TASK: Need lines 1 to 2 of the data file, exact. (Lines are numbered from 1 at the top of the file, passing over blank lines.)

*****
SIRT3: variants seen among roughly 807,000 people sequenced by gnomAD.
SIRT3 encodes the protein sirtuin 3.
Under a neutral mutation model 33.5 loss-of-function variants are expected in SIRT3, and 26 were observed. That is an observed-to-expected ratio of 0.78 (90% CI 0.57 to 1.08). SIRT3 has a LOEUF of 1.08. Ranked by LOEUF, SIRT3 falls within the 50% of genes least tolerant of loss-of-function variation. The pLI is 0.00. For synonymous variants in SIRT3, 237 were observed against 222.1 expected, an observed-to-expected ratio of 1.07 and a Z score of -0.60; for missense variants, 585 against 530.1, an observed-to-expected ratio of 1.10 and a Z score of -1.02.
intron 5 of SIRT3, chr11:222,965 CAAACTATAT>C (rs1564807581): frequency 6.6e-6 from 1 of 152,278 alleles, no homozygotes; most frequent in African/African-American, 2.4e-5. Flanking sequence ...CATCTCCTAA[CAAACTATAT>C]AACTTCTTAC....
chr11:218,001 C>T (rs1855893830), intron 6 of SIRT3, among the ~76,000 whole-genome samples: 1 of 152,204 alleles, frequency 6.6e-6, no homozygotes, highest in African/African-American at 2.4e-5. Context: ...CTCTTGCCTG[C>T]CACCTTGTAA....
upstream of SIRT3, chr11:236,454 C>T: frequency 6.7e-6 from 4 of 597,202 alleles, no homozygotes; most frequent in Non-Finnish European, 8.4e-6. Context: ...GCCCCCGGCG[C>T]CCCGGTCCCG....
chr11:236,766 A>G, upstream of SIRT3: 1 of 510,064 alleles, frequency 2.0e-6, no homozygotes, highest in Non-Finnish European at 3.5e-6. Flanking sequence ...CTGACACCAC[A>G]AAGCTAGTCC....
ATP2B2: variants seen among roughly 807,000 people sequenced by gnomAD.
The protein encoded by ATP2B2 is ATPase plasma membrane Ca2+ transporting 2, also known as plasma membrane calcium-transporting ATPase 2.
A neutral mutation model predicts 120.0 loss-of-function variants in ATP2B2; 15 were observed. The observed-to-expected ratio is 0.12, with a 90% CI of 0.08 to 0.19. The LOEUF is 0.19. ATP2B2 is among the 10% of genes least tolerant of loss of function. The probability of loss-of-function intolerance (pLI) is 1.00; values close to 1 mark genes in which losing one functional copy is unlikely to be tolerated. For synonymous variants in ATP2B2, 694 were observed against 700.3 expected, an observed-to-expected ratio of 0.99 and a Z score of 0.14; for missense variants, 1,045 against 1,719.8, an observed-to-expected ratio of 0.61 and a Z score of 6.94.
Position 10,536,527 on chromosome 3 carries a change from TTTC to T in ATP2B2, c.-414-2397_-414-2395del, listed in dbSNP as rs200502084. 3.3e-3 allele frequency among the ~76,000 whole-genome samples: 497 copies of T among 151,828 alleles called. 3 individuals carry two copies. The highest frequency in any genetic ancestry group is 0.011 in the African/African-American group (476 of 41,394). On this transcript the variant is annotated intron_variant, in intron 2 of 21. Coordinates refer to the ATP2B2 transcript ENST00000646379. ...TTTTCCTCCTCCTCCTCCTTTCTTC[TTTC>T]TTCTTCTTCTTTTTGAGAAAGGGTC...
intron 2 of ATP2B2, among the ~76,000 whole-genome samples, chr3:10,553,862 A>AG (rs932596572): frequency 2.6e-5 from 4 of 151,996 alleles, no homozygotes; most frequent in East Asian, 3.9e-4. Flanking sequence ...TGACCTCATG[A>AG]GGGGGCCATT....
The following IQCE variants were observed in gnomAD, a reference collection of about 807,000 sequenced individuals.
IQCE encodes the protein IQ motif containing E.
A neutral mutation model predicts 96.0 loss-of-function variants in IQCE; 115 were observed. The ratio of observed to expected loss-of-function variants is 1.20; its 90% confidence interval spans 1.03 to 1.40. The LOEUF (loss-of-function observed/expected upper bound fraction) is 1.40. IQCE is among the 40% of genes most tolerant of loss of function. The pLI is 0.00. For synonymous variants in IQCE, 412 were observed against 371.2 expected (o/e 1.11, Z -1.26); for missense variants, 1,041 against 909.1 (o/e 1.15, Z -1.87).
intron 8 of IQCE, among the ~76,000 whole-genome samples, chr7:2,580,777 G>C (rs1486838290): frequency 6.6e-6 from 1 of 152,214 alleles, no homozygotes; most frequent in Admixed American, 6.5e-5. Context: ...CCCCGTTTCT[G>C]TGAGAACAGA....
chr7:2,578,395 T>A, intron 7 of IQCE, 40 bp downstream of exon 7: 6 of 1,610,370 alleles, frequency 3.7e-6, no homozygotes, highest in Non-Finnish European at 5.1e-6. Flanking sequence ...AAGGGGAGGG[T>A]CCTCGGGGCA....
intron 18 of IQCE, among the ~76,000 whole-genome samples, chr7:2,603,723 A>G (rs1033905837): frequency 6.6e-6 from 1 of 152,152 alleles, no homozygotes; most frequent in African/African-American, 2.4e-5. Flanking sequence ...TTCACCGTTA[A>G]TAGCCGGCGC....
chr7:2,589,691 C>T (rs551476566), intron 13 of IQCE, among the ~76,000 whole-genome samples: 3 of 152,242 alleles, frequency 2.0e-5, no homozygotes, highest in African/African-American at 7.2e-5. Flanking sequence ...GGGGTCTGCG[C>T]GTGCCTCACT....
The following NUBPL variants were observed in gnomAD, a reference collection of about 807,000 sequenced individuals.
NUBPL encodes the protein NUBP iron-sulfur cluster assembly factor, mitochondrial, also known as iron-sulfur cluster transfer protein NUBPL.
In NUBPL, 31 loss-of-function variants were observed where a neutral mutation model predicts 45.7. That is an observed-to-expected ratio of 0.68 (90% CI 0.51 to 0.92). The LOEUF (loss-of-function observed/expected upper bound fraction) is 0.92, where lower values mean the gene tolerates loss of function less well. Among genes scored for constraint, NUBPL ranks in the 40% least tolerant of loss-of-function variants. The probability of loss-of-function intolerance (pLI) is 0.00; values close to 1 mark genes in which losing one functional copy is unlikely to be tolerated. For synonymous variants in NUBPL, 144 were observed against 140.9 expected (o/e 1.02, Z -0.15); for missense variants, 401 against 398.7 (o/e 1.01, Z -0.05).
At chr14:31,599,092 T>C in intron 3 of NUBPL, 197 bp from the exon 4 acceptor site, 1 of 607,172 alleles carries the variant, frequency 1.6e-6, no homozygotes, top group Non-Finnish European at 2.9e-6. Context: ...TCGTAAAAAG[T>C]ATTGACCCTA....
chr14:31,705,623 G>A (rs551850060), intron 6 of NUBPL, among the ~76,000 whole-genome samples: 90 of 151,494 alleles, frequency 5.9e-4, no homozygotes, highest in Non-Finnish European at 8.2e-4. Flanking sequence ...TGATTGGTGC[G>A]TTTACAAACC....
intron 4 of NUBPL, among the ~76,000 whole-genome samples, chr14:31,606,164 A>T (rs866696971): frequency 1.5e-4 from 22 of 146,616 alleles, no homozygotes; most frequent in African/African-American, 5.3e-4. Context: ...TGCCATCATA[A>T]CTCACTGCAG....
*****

SIRT3: variants seen among roughly 807,000 people sequenced by gnomAD.
SIRT3 encodes the protein sirtuin 3.